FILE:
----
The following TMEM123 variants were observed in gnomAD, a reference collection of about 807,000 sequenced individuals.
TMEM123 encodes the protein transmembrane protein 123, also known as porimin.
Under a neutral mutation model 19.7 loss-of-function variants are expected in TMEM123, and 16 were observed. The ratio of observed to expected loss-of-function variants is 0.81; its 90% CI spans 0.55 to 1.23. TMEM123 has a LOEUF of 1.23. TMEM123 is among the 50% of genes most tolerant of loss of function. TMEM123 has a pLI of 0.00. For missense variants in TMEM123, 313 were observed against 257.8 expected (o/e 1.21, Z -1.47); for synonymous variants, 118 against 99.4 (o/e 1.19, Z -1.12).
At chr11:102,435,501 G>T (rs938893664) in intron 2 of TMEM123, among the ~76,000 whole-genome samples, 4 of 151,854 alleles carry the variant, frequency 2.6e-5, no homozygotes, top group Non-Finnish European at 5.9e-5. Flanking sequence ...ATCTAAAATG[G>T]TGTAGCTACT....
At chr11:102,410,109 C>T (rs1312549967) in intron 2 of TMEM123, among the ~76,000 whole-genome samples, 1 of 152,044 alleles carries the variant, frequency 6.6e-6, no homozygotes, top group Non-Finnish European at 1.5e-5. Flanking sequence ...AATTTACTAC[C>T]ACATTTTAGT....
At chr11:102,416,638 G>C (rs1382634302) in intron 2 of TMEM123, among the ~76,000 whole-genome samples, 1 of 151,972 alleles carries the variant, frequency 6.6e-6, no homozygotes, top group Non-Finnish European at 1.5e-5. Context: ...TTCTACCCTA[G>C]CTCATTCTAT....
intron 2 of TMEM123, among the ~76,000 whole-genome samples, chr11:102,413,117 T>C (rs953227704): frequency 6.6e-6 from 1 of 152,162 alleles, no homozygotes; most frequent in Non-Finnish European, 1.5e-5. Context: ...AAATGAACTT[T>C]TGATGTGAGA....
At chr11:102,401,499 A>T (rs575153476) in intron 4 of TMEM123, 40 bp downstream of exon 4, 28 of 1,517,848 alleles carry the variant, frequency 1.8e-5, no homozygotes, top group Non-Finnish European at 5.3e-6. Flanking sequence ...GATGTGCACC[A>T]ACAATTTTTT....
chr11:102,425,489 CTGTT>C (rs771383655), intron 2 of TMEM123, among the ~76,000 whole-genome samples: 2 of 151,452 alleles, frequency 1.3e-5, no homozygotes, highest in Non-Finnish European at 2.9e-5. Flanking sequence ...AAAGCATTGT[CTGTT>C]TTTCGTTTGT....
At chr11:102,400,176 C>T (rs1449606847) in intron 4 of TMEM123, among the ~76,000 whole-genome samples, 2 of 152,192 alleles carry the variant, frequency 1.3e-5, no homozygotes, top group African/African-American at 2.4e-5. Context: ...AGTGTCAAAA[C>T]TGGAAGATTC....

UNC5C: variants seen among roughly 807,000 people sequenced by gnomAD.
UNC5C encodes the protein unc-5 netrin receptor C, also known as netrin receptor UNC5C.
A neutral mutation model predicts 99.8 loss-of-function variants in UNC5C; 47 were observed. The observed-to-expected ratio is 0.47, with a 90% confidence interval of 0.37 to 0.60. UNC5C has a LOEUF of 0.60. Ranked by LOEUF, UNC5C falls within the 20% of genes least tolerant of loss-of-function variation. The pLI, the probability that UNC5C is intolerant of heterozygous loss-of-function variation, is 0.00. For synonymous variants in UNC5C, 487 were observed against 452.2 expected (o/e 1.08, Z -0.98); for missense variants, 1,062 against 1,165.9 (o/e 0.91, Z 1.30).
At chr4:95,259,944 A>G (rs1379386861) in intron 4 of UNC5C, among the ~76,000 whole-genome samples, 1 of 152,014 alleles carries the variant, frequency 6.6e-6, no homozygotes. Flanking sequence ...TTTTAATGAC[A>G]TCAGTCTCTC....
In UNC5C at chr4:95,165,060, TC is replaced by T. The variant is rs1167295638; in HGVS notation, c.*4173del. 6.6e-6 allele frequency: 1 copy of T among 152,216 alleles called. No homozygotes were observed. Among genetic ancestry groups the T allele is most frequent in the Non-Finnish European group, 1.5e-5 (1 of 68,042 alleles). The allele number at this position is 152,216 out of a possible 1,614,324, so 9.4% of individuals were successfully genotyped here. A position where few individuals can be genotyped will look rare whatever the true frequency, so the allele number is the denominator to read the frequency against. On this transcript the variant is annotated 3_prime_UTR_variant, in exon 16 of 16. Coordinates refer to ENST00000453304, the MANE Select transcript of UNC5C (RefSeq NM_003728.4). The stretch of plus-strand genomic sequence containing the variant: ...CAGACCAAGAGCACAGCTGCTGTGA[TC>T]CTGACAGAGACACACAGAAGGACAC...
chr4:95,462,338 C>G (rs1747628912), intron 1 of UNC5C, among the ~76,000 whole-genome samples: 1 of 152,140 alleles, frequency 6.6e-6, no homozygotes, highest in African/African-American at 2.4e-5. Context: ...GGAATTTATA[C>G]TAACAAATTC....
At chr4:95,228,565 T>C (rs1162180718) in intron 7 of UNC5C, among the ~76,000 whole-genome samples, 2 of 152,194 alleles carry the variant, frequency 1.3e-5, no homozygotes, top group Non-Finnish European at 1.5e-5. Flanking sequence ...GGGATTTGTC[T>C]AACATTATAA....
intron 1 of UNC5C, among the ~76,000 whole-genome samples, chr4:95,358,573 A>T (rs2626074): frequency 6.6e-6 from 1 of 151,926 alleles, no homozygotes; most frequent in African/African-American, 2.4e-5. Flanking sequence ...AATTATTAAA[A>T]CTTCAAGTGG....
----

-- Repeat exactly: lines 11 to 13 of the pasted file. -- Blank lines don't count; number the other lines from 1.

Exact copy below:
UNC5C: variants seen among roughly 807,000 people sequenced by gnomAD.
UNC5C encodes the protein unc-5 netrin receptor C, also known as netrin receptor UNC5C.
A neutral mutation model predicts 99.8 loss-of-function variants in UNC5C; 47 were observed. The observed-to-expected ratio is 0.47, with a 90% confidence interval of 0.37 to 0.60. UNC5C has a LOEUF of 0.60. Ranked by LOEUF, UNC5C falls within the 20% of genes least tolerant of loss-of-function variation. The pLI, the probability that UNC5C is intolerant of heterozygous loss-of-function variation, is 0.00. For synonymous variants in UNC5C, 487 were observed against 452.2 expected (o/e 1.08, Z -0.98); for missense variants, 1,062 against 1,165.9 (o/e 0.91, Z 1.30).